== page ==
Now that state legislatures are lining up to ban books and forbid teaching on the history of inequality in the US (including such troubling topics as slavery, sale of persons, segregation, lynching, and the creation of an underclass with its attendant phantasms), I’ve identified a new career path for myself. For the fulcrum of the issue seems to be “white discomfort,” the fear that knowing the truth about our society and its past might make some people feel bad about themselves. And on that, I have specialized, intimate knowledge!
Most likely, the nightmare scenario is that an angry Black person (other ethnicities eligible as well) will appear, in person or as the narrative voice of a book, and cause the lily-white children seated in the classroom to feel accused or critiqued. Maybe, for many people, this has never happened before. Maybe they would like to prevent it from happening. Well, if an actual Black person is too scary, let me propose myself as a witness to the very discomfort they want to avoid.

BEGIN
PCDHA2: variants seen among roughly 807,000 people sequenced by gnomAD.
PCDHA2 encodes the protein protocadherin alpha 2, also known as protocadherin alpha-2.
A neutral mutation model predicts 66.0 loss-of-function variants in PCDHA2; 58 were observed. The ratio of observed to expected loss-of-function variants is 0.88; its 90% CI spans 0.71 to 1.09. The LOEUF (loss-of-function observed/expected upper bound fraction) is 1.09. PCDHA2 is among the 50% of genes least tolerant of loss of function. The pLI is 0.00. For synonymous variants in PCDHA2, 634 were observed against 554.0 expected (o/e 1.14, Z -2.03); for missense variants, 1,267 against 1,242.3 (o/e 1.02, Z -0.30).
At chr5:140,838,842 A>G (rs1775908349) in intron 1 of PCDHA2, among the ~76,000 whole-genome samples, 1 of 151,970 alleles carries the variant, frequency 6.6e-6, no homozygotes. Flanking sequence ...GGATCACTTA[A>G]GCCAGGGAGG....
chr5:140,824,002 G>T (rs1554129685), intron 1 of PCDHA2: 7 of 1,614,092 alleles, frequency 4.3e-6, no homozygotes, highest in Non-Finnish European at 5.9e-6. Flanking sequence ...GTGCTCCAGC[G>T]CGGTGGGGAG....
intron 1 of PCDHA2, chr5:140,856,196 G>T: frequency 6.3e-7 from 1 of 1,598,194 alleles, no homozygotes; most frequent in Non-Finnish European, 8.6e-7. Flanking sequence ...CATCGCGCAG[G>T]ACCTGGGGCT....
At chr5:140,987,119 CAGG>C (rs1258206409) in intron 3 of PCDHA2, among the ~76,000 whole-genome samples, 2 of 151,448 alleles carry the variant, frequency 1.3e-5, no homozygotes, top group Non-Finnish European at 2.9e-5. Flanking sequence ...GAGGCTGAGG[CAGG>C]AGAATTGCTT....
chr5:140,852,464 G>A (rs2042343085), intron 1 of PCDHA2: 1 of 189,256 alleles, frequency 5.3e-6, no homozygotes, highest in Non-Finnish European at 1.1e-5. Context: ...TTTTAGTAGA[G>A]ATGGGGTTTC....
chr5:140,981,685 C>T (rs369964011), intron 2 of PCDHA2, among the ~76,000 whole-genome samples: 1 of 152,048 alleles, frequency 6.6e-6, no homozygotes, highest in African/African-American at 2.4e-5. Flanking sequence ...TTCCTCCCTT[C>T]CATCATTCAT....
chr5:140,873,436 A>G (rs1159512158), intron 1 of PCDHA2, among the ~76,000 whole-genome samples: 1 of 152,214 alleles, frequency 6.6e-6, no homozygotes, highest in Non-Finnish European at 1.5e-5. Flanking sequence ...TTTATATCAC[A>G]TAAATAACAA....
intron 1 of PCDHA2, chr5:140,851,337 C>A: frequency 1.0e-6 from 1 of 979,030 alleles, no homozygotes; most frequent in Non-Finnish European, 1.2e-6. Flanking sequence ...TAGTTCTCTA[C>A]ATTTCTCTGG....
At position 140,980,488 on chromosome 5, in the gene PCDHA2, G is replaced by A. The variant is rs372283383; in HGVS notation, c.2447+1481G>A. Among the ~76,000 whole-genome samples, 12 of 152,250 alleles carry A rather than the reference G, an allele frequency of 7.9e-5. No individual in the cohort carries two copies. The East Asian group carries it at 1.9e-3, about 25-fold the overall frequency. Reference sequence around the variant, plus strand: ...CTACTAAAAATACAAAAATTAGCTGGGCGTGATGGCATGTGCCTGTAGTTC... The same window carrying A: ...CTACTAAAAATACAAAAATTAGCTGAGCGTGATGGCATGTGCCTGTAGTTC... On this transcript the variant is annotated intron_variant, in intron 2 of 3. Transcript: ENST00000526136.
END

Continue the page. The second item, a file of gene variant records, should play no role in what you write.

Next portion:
Hi! I am a white southerner whose family has been here for over 300 years. You can guess what that means. I have been through the classic stages: obliviousness (it was just the way the world was), recognition (huh! I get to occupy this position in life without having done anything to earn it? that’s weird), rationalization (surely it’s never been so bad, people do exaggerate, maybe the conditions are changing, perhaps there is something worth preserving in the old ways after all), abandonment (no, there was nothing in that system worth keeping, and if I can’t completely eradicate its traces in me, I can start other people on the path of vigilance). The things to avoid are complaining and bragging, the two chief ingredients in social-media personality. Consider how much better life can be if you don’t have anything to brag about and are reluctant to complain! In other words, if you put acknowledgment of wrong forward and don’t expect people to admire you for it. I can reassure the anxious white folk that there will still be room in the world for them after they have embarked on the anti-racist journey, that it will lead them to a better and less paranoid worldview, and that being able to set that horror at a distance will give them kinds of peace that they can never attain by protesting against the very possibility of self-knowledge.